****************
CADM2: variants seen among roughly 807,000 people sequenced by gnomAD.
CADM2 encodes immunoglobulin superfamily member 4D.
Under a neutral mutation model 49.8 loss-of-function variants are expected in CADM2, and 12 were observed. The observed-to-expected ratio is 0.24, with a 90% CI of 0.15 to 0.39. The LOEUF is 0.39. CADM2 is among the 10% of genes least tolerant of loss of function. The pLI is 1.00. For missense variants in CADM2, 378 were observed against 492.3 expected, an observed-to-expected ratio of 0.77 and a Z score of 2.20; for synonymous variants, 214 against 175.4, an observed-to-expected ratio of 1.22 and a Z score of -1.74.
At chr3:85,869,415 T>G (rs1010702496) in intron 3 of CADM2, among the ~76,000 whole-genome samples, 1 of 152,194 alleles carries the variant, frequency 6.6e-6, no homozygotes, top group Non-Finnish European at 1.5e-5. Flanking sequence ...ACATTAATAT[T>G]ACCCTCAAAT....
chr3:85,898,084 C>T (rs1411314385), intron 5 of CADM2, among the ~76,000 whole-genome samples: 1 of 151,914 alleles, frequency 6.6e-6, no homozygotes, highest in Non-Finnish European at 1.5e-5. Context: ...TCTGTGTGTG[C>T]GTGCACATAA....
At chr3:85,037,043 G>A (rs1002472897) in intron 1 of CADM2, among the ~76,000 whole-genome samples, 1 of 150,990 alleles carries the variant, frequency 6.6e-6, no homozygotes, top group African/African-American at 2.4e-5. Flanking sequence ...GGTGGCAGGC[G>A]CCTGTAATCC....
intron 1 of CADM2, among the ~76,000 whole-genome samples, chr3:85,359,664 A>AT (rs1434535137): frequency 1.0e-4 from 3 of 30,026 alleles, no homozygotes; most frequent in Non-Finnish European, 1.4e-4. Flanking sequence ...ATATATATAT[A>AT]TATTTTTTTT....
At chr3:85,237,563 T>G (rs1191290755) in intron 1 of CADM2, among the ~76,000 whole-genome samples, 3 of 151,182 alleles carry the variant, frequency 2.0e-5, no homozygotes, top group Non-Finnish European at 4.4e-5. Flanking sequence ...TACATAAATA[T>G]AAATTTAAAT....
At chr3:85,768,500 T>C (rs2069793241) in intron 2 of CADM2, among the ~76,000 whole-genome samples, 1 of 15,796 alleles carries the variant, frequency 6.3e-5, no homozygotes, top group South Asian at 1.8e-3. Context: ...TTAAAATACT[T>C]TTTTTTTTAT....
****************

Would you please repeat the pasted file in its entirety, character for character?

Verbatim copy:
CADM2: variants seen among roughly 807,000 people sequenced by gnomAD.
CADM2 encodes immunoglobulin superfamily member 4D.
Under a neutral mutation model 49.8 loss-of-function variants are expected in CADM2, and 12 were observed. The observed-to-expected ratio is 0.24, with a 90% CI of 0.15 to 0.39. The LOEUF is 0.39. CADM2 is among the 10% of genes least tolerant of loss of function. The pLI is 1.00. For missense variants in CADM2, 378 were observed against 492.3 expected, an observed-to-expected ratio of 0.77 and a Z score of 2.20; for synonymous variants, 214 against 175.4, an observed-to-expected ratio of 1.22 and a Z score of -1.74.
At chr3:85,869,415 T>G (rs1010702496) in intron 3 of CADM2, among the ~76,000 whole-genome samples, 1 of 152,194 alleles carries the variant, frequency 6.6e-6, no homozygotes, top group Non-Finnish European at 1.5e-5. Flanking sequence ...ACATTAATAT[T>G]ACCCTCAAAT....
chr3:85,898,084 C>T (rs1411314385), intron 5 of CADM2, among the ~76,000 whole-genome samples: 1 of 151,914 alleles, frequency 6.6e-6, no homozygotes, highest in Non-Finnish European at 1.5e-5. Context: ...TCTGTGTGTG[C>T]GTGCACATAA....
At chr3:85,037,043 G>A (rs1002472897) in intron 1 of CADM2, among the ~76,000 whole-genome samples, 1 of 150,990 alleles carries the variant, frequency 6.6e-6, no homozygotes, top group African/African-American at 2.4e-5. Flanking sequence ...GGTGGCAGGC[G>A]CCTGTAATCC....
intron 1 of CADM2, among the ~76,000 whole-genome samples, chr3:85,359,664 A>AT (rs1434535137): frequency 1.0e-4 from 3 of 30,026 alleles, no homozygotes; most frequent in Non-Finnish European, 1.4e-4. Flanking sequence ...ATATATATAT[A>AT]TATTTTTTTT....
At chr3:85,237,563 T>G (rs1191290755) in intron 1 of CADM2, among the ~76,000 whole-genome samples, 3 of 151,182 alleles carry the variant, frequency 2.0e-5, no homozygotes, top group Non-Finnish European at 4.4e-5. Flanking sequence ...TACATAAATA[T>G]AAATTTAAAT....
At chr3:85,768,500 T>C (rs2069793241) in intron 2 of CADM2, among the ~76,000 whole-genome samples, 1 of 15,796 alleles carries the variant, frequency 6.3e-5, no homozygotes, top group South Asian at 1.8e-3. Context: ...TTAAAATACT[T>C]TTTTTTTTAT....